A Canadian Senate report says customs agents and inspectors along the Canadian side of the world's longest unarmed border should be trained and allowed to carry firearms in an effort to prevent terrorist threats.

In a report to be released Wednesday, the Senate Committee on National Security and Defense will recommend that Parliament consider arming customs officers along the 4,000-mile border with the United States.

While U.S. Border Patrol (search) agents along the frontier are armed, officers of the Canada Border Services Agency (search) are not allowed to carry firearms. They currently are instructed to call the Royal Canadian Mounted Police or local police if they run into a threat and, as officers testified before the committee, that help is often extremely slow in coming.

"The committee has reluctantly come to the conclusion that if the federal government is not willing or able to provide a constant police presence at Canada's (search) border crossings, current border inspectors must be given the option of carrying firearms," the report says.

The report also calls for legislation that would allow the deputy prime minister, who is also Canada's minister of public safety, to be given the authority to expedite border infrastructure construction and the right to eminent domain in the name of national security.

The Ambassador Bridge, which crosses the Detroit River between Windsor, Ontario, and Detroit, has often been considered a key target for potential terrorists. About one-fourth of the estimated $1.4 billion in daily trade between the United States and Canada comes cross the bridge and adjacent tunnel and a blow to the bridge would devastate both economies.

"Serious damage to major land border crossings between Canada and the United States would have a profound impact on the Canadian economy, over and beyond the physical casualties such an incident would be likely to produce," the senators wrote.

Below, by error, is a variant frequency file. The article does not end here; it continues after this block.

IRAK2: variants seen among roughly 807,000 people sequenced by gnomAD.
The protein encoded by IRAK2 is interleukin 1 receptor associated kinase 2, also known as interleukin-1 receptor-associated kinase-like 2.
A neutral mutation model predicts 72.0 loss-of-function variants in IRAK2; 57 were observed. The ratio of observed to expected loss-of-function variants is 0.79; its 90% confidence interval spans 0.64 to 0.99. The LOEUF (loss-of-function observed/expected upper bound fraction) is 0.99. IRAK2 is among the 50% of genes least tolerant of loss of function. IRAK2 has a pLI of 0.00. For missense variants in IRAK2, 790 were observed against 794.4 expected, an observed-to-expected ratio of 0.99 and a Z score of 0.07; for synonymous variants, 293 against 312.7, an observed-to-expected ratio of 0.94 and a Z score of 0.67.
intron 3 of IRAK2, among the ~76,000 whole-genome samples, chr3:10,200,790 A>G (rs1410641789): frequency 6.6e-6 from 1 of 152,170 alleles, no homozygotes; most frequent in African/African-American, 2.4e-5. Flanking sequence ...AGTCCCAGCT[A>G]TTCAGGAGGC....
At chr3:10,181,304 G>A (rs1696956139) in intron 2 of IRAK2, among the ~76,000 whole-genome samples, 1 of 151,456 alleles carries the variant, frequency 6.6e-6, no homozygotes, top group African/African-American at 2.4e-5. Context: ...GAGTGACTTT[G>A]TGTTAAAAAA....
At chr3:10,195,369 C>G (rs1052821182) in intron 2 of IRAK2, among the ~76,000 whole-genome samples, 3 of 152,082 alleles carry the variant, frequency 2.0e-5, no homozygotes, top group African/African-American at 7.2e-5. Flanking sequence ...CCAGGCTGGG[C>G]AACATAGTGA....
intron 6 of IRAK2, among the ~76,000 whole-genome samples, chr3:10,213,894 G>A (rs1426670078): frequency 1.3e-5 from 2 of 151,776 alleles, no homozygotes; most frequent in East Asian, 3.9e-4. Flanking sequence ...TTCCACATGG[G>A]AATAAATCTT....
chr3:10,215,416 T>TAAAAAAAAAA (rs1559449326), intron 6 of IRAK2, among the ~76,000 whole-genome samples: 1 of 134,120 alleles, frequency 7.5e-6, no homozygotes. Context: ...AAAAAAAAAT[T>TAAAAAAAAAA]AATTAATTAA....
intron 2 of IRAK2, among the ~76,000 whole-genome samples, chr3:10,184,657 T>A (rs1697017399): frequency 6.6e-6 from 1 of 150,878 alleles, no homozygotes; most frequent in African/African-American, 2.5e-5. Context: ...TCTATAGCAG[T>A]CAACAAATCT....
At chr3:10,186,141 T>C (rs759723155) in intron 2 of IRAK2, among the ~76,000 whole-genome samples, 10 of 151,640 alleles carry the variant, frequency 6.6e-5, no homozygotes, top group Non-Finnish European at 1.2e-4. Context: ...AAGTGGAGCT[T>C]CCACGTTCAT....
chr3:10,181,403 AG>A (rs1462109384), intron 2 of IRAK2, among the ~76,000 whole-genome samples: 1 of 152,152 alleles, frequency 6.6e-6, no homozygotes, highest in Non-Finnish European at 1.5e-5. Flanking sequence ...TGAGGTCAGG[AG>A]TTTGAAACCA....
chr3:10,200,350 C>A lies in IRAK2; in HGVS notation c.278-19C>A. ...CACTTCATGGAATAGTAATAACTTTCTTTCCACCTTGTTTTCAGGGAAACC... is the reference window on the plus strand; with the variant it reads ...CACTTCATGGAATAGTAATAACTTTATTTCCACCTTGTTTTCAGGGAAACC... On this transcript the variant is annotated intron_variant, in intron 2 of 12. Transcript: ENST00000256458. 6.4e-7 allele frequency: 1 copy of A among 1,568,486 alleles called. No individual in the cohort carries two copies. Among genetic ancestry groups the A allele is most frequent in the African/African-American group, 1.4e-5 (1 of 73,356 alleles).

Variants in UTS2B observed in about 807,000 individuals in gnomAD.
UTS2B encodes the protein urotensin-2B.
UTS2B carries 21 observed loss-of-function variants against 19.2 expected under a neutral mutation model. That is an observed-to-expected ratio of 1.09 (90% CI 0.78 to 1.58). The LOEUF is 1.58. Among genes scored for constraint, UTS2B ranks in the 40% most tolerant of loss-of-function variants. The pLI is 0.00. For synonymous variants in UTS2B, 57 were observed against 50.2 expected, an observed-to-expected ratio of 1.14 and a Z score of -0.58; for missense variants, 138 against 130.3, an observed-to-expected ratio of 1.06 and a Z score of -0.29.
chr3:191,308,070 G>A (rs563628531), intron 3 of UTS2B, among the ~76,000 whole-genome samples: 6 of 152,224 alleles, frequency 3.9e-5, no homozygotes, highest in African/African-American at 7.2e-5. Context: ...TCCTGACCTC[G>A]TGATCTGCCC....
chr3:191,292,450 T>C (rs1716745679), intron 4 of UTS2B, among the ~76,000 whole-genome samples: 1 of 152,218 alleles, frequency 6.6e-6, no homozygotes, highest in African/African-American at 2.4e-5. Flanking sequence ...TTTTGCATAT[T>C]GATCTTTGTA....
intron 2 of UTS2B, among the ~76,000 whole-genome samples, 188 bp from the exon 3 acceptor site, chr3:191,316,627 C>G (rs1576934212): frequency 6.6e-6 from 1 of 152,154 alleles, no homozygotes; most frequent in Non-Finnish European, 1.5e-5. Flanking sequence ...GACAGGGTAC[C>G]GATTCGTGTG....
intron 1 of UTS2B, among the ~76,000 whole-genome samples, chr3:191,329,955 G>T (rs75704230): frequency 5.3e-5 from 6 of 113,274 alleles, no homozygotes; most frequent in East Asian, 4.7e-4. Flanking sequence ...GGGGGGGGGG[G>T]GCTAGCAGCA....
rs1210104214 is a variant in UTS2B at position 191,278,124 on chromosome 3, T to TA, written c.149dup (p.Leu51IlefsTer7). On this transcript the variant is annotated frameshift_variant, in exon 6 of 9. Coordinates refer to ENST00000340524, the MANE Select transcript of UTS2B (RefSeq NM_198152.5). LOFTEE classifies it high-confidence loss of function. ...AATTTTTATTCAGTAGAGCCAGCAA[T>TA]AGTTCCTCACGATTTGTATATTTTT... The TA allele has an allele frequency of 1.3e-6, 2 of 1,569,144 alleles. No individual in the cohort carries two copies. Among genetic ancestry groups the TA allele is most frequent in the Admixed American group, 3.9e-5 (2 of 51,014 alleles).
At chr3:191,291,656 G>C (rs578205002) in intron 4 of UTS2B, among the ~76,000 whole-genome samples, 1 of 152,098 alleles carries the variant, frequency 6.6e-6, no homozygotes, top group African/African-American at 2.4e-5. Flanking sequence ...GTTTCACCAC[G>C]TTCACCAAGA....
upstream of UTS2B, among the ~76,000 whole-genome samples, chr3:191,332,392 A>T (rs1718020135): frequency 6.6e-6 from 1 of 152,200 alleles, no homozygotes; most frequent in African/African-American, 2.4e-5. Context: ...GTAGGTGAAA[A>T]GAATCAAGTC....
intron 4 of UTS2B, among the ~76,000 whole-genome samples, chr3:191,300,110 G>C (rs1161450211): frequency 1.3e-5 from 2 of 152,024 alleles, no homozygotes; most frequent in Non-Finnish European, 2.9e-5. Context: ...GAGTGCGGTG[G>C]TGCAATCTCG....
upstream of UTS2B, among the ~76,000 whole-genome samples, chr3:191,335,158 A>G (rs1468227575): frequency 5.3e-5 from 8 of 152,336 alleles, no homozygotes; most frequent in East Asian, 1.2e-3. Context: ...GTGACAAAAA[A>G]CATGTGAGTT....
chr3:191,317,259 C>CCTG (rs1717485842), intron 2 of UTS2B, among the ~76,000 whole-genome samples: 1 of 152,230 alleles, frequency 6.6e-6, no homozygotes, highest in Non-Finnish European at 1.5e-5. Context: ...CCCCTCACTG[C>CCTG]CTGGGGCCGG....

Canada and the United States have pledged to build a second crossing over the river by 2013, but the private American company that owns and operates the Ambassador Bridge is attempting to expand it and double its capacity.

"We're against expanding the bridge," Senator Colin Kenny, chairman of the committee, said in a telephone interview from Ottawa, the federal capital. "Expanding the bridge does not give you the redundancy that you need if an Oklahoma bomber gets on that bridge and blows it up."

Another proposal calls for Canada to allow up to $2,000 in duty-free goods from the United States by 2010, freeing up customs agents to focus on potential threats to security rather than acting as tax collectors.

"Canada needs a system within which personnel on the crossings are border officers first and clerks second — the reverse of the current situation," the report says. "Raising personal exemptions for travelers will help border officers better direct their attention to border security rather than revenue collection."